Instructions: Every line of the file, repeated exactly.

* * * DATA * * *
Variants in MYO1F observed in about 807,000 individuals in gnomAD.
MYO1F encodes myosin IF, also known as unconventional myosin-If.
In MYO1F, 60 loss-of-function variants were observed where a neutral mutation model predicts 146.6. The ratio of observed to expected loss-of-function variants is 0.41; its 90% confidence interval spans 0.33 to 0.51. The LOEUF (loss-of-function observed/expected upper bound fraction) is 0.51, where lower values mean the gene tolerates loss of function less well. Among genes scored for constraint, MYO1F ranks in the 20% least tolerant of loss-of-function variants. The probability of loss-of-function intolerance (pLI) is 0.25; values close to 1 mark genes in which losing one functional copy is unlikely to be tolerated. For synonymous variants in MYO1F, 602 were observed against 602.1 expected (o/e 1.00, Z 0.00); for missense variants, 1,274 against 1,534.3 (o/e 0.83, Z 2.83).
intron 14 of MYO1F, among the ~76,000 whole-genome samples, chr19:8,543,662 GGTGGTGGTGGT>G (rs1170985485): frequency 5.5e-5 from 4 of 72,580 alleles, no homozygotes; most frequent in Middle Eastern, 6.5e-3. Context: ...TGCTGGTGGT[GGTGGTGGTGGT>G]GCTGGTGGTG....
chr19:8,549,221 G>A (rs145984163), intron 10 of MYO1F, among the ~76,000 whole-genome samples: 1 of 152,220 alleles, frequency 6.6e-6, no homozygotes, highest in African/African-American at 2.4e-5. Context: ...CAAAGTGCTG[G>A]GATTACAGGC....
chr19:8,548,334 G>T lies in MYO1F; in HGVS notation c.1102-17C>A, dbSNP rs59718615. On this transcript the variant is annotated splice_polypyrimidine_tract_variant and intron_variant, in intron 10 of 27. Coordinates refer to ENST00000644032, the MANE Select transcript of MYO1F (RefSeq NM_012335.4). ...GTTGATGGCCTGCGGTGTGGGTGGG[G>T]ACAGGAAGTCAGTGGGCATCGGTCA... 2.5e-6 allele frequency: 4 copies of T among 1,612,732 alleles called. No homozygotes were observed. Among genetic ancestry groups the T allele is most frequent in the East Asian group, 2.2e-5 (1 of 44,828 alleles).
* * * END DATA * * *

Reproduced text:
Variants in MYO1F observed in about 807,000 individuals in gnomAD.
MYO1F encodes myosin IF, also known as unconventional myosin-If.
In MYO1F, 60 loss-of-function variants were observed where a neutral mutation model predicts 146.6. The ratio of observed to expected loss-of-function variants is 0.41; its 90% confidence interval spans 0.33 to 0.51. The LOEUF (loss-of-function observed/expected upper bound fraction) is 0.51, where lower values mean the gene tolerates loss of function less well. Among genes scored for constraint, MYO1F ranks in the 20% least tolerant of loss-of-function variants. The probability of loss-of-function intolerance (pLI) is 0.25; values close to 1 mark genes in which losing one functional copy is unlikely to be tolerated. For synonymous variants in MYO1F, 602 were observed against 602.1 expected (o/e 1.00, Z 0.00); for missense variants, 1,274 against 1,534.3 (o/e 0.83, Z 2.83).
intron 14 of MYO1F, among the ~76,000 whole-genome samples, chr19:8,543,662 GGTGGTGGTGGT>G (rs1170985485): frequency 5.5e-5 from 4 of 72,580 alleles, no homozygotes; most frequent in Middle Eastern, 6.5e-3. Context: ...TGCTGGTGGT[GGTGGTGGTGGT>G]GCTGGTGGTG....
chr19:8,549,221 G>A (rs145984163), intron 10 of MYO1F, among the ~76,000 whole-genome samples: 1 of 152,220 alleles, frequency 6.6e-6, no homozygotes, highest in African/African-American at 2.4e-5. Context: ...CAAAGTGCTG[G>A]GATTACAGGC....
chr19:8,548,334 G>T lies in MYO1F; in HGVS notation c.1102-17C>A, dbSNP rs59718615. On this transcript the variant is annotated splice_polypyrimidine_tract_variant and intron_variant, in intron 10 of 27. Coordinates refer to ENST00000644032, the MANE Select transcript of MYO1F (RefSeq NM_012335.4). ...GTTGATGGCCTGCGGTGTGGGTGGG[G>T]ACAGGAAGTCAGTGGGCATCGGTCA... 2.5e-6 allele frequency: 4 copies of T among 1,612,732 alleles called. No homozygotes were observed. Among genetic ancestry groups the T allele is most frequent in the East Asian group, 2.2e-5 (1 of 44,828 alleles).